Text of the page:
By Cloudbeds | Published on April 19, 2019
Effective distribution is key to a profitable hospitality business. Whether you manage an independent hotel, bed and breakfast, vacation rental, or hostel, it’s critical to get your inventory in front of potential guests at all times. After all, travelers can’t book something they don’t find! This is only one of the reasons why Channel Management a must today!
What is Channel Management?
Channel Management is the process of actively managing the distribution of room rates and availability onto multiple online booking channels. These channels may vary to include online travel agencies (OTAs) such as Booking.com, Expedia, Agoda or HostelWorld; travel metasearch engines such as Google, Kayak, and Trivago; GDSs such as Amadeus and Sabre; or online marketplaces such as Airbnb, Vrbo, etc.
So how do hotels pick the right channels for a property’s individual needs? And how do they find time to manage inventory, update rates, and keep content consistent across the many different channels — each with their own login credentials and user interface? The answer lies with a channel management software made to solve this problem for hotels, bed-and-breakfast, and hostels.
What is a Channel Manager?
A Channel Manager is an advanced software that automates tasks when advertising onto online booking channels: from updating rates and availability in real-time to managing different rate types and centralizing reservations into one dashboard. Specifically designed to address hotel and hostel business needs, a channel manager provides one interface to easily manage all reservation sites.
How does it work?
Your Channel Management software should connect directly into your Property Management System. It acts as the real-time shepherd of rate and availability data between your PMS and whichever channels you sell on.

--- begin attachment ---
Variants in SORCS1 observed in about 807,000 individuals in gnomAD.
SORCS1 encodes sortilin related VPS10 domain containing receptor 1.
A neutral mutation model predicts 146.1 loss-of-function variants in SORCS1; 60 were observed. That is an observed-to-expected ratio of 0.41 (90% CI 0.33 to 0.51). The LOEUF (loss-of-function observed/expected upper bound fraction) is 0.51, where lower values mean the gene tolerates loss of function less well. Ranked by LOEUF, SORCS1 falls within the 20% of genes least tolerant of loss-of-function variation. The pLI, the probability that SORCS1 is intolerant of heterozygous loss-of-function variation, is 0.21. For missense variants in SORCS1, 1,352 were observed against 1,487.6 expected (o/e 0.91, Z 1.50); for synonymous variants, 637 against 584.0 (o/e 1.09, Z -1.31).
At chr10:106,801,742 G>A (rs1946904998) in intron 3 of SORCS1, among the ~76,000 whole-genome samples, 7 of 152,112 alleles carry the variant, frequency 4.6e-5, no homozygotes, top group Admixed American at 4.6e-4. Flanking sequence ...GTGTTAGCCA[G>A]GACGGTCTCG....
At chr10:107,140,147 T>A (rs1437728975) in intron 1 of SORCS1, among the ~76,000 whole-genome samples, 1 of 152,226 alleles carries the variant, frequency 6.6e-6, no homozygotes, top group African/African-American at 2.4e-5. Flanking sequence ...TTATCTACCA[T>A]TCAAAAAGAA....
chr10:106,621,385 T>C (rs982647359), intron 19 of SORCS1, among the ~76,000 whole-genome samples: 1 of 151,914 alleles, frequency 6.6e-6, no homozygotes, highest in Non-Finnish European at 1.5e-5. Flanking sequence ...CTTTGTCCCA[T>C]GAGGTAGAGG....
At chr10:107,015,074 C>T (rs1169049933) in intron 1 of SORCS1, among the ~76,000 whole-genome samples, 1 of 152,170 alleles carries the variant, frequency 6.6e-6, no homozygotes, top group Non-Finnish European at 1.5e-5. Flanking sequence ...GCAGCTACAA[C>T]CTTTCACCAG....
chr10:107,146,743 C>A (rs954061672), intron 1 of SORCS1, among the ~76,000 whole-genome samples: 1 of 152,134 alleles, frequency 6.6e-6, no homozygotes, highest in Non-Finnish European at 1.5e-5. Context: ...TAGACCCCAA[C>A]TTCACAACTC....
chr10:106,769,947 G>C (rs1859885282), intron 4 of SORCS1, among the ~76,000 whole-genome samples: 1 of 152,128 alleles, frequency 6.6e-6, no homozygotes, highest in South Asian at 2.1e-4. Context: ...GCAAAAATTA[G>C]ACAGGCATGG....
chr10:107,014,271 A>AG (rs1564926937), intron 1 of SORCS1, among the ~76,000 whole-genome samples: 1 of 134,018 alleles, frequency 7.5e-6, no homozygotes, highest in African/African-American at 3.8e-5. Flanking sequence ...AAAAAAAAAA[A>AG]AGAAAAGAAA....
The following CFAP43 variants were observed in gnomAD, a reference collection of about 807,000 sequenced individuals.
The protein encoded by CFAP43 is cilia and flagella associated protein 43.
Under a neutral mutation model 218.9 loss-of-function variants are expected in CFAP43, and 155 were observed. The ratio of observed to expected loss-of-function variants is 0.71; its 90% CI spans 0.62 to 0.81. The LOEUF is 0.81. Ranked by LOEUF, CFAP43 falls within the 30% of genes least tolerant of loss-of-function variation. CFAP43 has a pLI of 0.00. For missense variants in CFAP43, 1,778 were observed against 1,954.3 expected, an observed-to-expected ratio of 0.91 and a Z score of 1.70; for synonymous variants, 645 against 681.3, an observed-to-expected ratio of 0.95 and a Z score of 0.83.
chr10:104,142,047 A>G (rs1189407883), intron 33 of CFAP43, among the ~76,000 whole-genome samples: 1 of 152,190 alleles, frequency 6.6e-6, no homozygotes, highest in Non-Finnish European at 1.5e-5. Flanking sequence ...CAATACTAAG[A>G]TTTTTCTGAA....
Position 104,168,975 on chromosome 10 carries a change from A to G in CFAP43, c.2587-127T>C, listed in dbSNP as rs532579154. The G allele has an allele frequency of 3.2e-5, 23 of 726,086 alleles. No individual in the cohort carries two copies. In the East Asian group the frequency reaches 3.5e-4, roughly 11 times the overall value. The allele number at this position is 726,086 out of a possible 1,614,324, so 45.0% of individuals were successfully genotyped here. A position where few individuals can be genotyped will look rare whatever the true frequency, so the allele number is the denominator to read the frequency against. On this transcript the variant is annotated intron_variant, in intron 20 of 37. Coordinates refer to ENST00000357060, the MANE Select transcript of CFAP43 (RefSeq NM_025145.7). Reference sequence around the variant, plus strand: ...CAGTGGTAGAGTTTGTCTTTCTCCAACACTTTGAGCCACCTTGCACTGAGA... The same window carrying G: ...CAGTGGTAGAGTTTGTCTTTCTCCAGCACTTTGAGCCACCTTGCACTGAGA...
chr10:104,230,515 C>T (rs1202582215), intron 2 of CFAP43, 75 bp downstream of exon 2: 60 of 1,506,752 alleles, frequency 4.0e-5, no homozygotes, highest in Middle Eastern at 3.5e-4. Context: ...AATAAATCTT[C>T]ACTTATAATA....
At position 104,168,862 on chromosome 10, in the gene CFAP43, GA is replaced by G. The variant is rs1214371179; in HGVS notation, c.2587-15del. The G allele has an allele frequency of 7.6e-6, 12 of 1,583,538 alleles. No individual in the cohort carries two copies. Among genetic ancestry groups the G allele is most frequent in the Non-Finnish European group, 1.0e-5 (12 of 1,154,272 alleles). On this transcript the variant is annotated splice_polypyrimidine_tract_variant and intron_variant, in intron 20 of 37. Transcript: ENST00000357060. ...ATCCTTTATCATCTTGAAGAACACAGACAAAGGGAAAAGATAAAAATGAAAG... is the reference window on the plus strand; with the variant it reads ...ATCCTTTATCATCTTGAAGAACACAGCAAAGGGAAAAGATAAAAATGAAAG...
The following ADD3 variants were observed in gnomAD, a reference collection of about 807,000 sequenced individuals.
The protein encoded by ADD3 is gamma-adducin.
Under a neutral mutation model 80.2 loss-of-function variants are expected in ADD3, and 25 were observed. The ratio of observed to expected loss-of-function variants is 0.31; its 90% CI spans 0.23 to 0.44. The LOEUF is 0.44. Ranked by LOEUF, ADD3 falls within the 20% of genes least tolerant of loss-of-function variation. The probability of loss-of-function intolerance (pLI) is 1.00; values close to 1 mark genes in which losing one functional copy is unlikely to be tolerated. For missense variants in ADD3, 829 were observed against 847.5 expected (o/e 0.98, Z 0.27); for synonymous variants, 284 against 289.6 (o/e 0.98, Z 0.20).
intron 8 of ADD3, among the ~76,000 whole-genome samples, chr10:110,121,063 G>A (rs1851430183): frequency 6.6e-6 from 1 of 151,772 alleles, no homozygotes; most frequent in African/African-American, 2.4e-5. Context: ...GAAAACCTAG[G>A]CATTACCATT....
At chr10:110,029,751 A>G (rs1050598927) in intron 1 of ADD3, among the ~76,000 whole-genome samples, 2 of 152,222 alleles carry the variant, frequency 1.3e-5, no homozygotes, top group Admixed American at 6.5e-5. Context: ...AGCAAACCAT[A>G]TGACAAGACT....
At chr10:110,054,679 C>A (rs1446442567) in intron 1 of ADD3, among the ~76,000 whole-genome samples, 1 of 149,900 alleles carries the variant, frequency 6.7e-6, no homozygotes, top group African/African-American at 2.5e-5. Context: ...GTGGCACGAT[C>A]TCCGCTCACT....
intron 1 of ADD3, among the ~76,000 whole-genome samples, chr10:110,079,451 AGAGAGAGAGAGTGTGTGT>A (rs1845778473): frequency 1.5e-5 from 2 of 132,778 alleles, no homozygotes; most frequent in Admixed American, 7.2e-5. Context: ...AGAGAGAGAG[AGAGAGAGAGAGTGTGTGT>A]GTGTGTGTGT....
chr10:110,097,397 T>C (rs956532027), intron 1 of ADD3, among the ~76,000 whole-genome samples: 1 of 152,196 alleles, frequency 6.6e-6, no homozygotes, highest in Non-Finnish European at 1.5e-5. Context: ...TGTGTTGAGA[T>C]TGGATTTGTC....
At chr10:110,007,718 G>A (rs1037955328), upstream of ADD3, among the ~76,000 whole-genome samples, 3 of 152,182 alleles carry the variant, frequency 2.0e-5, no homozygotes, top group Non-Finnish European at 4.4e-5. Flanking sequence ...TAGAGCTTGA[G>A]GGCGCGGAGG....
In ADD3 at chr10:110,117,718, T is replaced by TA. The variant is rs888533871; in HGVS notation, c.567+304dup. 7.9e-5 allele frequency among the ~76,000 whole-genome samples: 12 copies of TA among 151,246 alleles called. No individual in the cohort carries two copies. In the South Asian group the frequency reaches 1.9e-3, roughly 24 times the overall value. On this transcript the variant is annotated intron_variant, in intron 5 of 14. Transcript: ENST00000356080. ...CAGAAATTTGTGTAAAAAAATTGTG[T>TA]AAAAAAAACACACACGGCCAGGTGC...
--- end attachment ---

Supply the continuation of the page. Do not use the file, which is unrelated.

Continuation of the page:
The best channel managers integrate with your existing property management technology without sacrificing functionality or speed. They pull from a central pool of inventory that maps to existing rooms to provide real-time availability updates from/to the PMS. Each new reservation is delivered right into the PMS, without any manual intervention.
Who needs Channel Management technology?
It’s not just hotels. Properties of all sizes benefit from a channel manager. If your property distributes inventory to more than one channel, then you should definitely consider a channel manager. It will pay off in time saved, bookings gained, and sanity preserved! Moreover, your guests are booking online!
Why use a Channel Manager?
It’s all about consistency, efficiency, and revenue optimization. This trifecta can have a tremendous influence on the profitability of a given hospitality business. Here’s why:
- Consistency. Each distribution channel has its own user experience. It can take up a lot of time to become familiar with each tool, which takes up precious minutes from management and increases training costs for new staff. With a channel manager, there’s a single portal for all channel management activities. Update rates and availability once, and distribute any changes everywhere. This consistency reduces the risk of overbooking while also giving consumers the confidence to book in their preferred channel. When consumers see consistent fares, they feel comfortable booking at the fair and current rate.